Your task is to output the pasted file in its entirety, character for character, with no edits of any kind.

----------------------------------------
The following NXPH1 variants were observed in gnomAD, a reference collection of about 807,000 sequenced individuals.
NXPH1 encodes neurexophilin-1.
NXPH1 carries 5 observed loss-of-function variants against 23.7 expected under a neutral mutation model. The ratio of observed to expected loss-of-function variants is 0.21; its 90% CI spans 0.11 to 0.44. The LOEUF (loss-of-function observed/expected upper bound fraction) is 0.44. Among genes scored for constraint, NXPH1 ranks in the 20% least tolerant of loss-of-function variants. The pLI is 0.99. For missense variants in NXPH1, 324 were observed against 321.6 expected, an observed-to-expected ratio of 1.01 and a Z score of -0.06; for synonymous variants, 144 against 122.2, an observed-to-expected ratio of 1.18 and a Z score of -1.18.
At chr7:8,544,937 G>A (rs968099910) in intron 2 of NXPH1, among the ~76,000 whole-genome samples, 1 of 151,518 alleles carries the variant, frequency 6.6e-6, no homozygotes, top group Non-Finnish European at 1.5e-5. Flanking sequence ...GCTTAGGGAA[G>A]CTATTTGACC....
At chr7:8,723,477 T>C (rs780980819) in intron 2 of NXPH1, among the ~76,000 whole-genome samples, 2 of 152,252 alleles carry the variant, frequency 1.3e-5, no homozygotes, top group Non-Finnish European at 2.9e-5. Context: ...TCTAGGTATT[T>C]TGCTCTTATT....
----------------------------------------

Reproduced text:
The following NXPH1 variants were observed in gnomAD, a reference collection of about 807,000 sequenced individuals.
NXPH1 encodes neurexophilin-1.
NXPH1 carries 5 observed loss-of-function variants against 23.7 expected under a neutral mutation model. The ratio of observed to expected loss-of-function variants is 0.21; its 90% CI spans 0.11 to 0.44. The LOEUF (loss-of-function observed/expected upper bound fraction) is 0.44. Among genes scored for constraint, NXPH1 ranks in the 20% least tolerant of loss-of-function variants. The pLI is 0.99. For missense variants in NXPH1, 324 were observed against 321.6 expected, an observed-to-expected ratio of 1.01 and a Z score of -0.06; for synonymous variants, 144 against 122.2, an observed-to-expected ratio of 1.18 and a Z score of -1.18.
At chr7:8,544,937 G>A (rs968099910) in intron 2 of NXPH1, among the ~76,000 whole-genome samples, 1 of 151,518 alleles carries the variant, frequency 6.6e-6, no homozygotes, top group Non-Finnish European at 1.5e-5. Flanking sequence ...GCTTAGGGAA[G>A]CTATTTGACC....
At chr7:8,723,477 T>C (rs780980819) in intron 2 of NXPH1, among the ~76,000 whole-genome samples, 2 of 152,252 alleles carry the variant, frequency 1.3e-5, no homozygotes, top group Non-Finnish European at 2.9e-5. Context: ...TCTAGGTATT[T>C]TGCTCTTATT....